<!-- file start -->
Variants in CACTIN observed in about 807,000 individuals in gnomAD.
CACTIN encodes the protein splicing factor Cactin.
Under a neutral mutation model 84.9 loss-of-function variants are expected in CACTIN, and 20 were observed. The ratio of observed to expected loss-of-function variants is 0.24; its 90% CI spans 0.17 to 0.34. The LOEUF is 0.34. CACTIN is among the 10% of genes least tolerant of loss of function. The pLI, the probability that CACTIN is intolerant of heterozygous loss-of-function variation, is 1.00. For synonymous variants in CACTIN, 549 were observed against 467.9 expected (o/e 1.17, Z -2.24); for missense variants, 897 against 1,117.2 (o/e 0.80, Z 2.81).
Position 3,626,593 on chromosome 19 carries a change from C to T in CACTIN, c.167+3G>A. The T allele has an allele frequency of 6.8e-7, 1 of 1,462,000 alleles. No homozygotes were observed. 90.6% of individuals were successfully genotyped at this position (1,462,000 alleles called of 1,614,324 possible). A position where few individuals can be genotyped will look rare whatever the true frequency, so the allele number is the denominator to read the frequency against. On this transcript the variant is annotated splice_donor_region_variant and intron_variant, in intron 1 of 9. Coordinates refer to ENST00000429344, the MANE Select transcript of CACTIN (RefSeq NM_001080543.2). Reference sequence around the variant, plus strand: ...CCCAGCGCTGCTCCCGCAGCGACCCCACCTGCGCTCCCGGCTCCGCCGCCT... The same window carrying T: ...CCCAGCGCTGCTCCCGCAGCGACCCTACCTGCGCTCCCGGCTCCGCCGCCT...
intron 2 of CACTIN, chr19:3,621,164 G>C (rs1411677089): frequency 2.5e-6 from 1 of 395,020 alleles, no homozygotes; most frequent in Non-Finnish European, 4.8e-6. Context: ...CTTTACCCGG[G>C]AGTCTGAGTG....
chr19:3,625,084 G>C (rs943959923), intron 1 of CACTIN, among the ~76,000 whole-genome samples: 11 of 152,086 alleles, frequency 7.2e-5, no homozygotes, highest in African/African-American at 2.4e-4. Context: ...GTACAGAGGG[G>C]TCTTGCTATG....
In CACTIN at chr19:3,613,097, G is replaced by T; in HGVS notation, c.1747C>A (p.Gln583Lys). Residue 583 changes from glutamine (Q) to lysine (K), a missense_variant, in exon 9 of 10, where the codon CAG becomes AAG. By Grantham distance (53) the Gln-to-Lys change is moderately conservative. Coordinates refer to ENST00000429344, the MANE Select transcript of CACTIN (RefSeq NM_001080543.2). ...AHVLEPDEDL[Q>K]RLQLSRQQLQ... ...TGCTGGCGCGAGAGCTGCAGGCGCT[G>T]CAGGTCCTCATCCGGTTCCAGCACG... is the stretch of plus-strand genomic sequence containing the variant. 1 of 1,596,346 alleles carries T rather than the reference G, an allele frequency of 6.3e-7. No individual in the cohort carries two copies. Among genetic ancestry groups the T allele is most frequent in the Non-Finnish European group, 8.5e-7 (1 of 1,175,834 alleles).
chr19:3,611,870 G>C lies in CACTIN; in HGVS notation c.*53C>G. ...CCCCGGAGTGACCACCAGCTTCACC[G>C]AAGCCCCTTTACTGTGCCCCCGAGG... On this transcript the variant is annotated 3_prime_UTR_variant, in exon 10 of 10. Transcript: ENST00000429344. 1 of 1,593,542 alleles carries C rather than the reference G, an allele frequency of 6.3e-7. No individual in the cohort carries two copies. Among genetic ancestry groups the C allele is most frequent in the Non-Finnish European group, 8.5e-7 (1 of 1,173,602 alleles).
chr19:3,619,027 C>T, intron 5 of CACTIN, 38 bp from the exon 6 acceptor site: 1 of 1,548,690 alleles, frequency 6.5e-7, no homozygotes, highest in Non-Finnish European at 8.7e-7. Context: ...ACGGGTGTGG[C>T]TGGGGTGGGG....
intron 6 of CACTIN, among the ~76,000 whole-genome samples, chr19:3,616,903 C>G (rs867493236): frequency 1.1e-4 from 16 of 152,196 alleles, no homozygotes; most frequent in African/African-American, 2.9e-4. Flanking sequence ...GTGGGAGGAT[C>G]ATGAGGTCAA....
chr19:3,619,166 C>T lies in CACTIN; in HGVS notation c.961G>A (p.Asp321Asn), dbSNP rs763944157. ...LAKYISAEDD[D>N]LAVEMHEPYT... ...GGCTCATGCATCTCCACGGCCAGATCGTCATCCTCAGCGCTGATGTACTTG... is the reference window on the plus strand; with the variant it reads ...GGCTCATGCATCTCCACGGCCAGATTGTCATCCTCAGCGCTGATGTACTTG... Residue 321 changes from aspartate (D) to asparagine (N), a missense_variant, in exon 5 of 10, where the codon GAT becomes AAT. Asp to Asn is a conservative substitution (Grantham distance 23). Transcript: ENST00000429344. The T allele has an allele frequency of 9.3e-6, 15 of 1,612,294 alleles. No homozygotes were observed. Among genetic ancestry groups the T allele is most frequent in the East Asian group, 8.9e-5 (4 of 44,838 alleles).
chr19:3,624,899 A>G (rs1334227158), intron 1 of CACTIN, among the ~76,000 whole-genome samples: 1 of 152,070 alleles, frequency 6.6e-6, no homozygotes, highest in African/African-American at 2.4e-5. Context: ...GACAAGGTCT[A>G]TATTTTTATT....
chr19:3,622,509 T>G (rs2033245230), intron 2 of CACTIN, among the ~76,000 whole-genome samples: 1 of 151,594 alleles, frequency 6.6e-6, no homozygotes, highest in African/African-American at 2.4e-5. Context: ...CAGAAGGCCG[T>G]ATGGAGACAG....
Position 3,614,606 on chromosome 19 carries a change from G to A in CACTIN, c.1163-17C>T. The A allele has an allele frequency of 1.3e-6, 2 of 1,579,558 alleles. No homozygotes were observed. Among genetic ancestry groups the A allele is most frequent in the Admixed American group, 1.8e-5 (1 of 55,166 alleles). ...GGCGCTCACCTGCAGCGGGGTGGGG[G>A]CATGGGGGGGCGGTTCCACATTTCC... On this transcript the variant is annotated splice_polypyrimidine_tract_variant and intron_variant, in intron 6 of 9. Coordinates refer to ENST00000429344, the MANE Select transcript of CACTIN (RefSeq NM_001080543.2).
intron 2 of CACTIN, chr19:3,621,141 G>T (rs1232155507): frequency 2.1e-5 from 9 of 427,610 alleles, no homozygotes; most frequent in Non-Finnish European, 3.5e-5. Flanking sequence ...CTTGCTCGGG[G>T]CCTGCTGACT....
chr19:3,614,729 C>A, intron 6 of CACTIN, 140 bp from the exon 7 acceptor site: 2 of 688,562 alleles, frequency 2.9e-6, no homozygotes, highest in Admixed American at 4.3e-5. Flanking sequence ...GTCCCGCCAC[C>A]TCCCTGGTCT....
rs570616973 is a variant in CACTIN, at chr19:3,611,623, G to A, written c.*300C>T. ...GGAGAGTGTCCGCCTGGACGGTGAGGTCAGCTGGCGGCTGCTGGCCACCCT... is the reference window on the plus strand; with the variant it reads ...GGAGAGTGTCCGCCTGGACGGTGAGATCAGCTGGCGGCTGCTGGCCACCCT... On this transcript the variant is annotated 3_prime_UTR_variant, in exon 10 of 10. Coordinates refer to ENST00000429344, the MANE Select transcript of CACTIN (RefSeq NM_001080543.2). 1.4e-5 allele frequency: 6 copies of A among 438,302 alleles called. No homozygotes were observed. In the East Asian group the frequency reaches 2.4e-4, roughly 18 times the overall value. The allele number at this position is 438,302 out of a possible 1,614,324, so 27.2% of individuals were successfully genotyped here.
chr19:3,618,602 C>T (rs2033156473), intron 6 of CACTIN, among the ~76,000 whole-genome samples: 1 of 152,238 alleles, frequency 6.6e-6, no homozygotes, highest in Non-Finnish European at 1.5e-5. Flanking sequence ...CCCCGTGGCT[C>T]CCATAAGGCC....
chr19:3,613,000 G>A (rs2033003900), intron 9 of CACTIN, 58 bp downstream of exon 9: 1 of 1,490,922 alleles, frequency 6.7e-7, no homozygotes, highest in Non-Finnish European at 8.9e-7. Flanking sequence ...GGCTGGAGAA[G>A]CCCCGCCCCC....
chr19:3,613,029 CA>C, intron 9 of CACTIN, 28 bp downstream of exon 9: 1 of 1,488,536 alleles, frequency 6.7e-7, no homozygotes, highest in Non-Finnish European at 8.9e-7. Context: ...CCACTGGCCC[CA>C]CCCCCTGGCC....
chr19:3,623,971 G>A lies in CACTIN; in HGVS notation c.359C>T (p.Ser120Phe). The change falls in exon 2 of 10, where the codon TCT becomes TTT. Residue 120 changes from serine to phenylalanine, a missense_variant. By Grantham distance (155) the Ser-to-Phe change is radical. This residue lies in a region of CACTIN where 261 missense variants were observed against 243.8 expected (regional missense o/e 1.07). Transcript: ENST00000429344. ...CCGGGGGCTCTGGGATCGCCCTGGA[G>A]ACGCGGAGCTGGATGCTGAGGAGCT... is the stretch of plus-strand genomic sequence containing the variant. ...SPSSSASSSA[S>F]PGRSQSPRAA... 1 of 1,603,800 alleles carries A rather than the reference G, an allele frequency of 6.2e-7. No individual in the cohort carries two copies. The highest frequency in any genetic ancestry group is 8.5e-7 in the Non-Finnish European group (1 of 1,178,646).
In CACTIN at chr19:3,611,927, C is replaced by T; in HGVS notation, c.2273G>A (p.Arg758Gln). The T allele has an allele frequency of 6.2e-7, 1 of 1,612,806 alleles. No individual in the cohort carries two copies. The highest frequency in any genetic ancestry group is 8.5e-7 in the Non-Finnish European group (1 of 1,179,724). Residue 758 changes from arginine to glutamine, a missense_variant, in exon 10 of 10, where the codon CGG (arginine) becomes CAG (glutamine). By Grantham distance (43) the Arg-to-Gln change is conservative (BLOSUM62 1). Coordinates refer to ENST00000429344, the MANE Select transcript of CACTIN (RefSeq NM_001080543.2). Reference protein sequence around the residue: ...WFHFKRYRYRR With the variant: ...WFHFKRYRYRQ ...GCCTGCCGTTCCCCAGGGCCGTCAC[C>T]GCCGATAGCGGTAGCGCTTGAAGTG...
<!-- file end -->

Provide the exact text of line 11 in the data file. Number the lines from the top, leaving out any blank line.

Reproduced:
chr19:3,619,166 C>T lies in CACTIN; in HGVS notation c.961G>A (p.Asp321Asn), dbSNP rs763944157. ...LAKYISAEDD[D>N]LAVEMHEPYT... ...GGCTCATGCATCTCCACGGCCAGATCGTCATCCTCAGCGCTGATGTACTTG... is the reference window on the plus strand; with the variant it reads ...GGCTCATGCATCTCCACGGCCAGATTGTCATCCTCAGCGCTGATGTACTTG... Residue 321 changes from aspartate (D) to asparagine (N), a missense_variant, in exon 5 of 10, where the codon GAT becomes AAT. Asp to Asn is a conservative substitution (Grantham distance 23). Transcript: ENST00000429344. The T allele has an allele frequency of 9.3e-6, 15 of 1,612,294 alleles. No homozygotes were observed. Among genetic ancestry groups the T allele is most frequent in the East Asian group, 8.9e-5 (4 of 44,838 alleles).